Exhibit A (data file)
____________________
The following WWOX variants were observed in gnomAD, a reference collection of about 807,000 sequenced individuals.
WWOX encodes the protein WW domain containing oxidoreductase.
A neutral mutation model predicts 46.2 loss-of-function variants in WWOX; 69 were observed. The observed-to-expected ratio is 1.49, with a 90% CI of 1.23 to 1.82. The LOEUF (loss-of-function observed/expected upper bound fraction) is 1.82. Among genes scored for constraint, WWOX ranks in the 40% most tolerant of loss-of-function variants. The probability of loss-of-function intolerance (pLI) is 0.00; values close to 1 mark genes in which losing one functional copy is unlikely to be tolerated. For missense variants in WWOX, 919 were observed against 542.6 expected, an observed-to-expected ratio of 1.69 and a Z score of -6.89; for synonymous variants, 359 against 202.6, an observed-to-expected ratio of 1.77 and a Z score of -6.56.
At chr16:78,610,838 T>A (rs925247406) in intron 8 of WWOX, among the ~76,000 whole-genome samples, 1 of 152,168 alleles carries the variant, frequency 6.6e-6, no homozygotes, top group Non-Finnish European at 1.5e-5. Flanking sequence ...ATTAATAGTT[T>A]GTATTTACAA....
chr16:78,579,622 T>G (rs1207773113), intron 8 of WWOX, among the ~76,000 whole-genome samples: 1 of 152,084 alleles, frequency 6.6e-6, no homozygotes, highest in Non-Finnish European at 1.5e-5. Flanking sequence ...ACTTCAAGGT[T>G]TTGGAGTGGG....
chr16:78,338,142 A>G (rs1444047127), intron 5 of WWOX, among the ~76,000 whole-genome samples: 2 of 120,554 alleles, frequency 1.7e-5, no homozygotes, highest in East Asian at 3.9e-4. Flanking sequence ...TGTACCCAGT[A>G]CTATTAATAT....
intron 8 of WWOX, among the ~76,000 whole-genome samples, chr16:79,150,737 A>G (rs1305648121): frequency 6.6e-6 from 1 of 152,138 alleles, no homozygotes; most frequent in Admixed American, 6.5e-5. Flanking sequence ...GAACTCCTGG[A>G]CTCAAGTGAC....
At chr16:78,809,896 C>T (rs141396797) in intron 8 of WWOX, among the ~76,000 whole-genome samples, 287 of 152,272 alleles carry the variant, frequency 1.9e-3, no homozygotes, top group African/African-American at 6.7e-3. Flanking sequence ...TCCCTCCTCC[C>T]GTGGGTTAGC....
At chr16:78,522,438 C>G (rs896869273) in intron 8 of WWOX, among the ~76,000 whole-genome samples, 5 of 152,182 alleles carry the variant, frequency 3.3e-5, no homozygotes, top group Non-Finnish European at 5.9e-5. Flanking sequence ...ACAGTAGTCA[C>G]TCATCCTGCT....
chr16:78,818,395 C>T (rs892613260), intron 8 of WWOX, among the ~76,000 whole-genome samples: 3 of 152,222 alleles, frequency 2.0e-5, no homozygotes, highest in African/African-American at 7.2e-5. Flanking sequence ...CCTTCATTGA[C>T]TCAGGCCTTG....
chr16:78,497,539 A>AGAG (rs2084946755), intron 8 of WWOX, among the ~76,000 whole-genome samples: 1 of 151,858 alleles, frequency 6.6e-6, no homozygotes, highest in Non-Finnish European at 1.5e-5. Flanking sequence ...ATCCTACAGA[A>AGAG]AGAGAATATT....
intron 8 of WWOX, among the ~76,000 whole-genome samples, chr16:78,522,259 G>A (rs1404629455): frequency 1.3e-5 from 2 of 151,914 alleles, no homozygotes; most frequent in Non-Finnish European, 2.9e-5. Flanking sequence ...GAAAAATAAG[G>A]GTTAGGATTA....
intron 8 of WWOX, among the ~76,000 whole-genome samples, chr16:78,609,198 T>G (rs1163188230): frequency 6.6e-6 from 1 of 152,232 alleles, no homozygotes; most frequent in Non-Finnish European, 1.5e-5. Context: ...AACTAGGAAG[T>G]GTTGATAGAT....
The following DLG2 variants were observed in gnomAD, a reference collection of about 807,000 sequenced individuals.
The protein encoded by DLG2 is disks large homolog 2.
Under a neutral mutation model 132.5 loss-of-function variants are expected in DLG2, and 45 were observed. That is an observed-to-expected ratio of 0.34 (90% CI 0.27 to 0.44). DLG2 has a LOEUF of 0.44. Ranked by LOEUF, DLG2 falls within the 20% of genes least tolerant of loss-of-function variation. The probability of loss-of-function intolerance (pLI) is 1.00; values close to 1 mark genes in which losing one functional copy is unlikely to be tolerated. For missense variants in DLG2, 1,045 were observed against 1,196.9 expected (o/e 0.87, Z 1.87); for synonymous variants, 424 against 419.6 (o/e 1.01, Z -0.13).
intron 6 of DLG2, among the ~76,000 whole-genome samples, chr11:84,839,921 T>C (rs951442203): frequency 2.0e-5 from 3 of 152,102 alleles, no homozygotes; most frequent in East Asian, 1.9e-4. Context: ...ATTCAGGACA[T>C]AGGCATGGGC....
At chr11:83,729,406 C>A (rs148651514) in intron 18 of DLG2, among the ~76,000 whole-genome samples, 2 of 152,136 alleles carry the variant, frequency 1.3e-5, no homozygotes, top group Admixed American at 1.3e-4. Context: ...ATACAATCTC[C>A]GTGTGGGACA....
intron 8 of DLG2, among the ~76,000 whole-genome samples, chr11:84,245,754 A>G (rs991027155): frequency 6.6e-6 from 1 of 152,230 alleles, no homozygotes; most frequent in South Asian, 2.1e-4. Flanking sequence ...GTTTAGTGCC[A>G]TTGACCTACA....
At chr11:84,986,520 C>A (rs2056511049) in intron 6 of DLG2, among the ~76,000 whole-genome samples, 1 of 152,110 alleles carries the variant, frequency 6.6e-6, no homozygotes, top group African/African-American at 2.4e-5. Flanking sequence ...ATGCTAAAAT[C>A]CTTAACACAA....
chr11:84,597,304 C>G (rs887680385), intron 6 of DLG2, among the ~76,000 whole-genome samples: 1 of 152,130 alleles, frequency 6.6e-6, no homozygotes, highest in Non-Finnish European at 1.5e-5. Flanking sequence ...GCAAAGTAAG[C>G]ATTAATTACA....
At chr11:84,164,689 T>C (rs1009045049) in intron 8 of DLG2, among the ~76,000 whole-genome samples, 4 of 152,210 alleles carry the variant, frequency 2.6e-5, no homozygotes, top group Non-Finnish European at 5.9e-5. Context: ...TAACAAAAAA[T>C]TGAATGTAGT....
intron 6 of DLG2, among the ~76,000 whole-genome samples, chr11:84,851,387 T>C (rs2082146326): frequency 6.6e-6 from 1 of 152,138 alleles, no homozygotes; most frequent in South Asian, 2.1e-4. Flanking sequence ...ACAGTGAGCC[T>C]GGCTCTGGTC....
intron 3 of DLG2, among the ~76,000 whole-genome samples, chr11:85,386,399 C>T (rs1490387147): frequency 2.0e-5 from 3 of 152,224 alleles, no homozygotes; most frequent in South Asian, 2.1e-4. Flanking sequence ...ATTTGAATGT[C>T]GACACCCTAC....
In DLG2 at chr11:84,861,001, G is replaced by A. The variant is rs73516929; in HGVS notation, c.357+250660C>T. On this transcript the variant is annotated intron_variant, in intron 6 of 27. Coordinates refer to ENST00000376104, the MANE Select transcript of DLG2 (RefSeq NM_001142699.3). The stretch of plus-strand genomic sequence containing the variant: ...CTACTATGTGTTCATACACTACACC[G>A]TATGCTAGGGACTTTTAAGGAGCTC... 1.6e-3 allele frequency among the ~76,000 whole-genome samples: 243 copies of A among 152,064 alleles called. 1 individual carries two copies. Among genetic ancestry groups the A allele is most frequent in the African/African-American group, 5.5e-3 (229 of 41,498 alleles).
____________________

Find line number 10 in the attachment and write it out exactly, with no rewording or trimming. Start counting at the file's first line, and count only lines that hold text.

chr16:78,818,395 C>T (rs892613260), intron 8 of WWOX, among the ~76,000 whole-genome samples: 3 of 152,222 alleles, frequency 2.0e-5, no homozygotes, highest in African/African-American at 7.2e-5. Flanking sequence ...CCTTCATTGA[C>T]TCAGGCCTTG....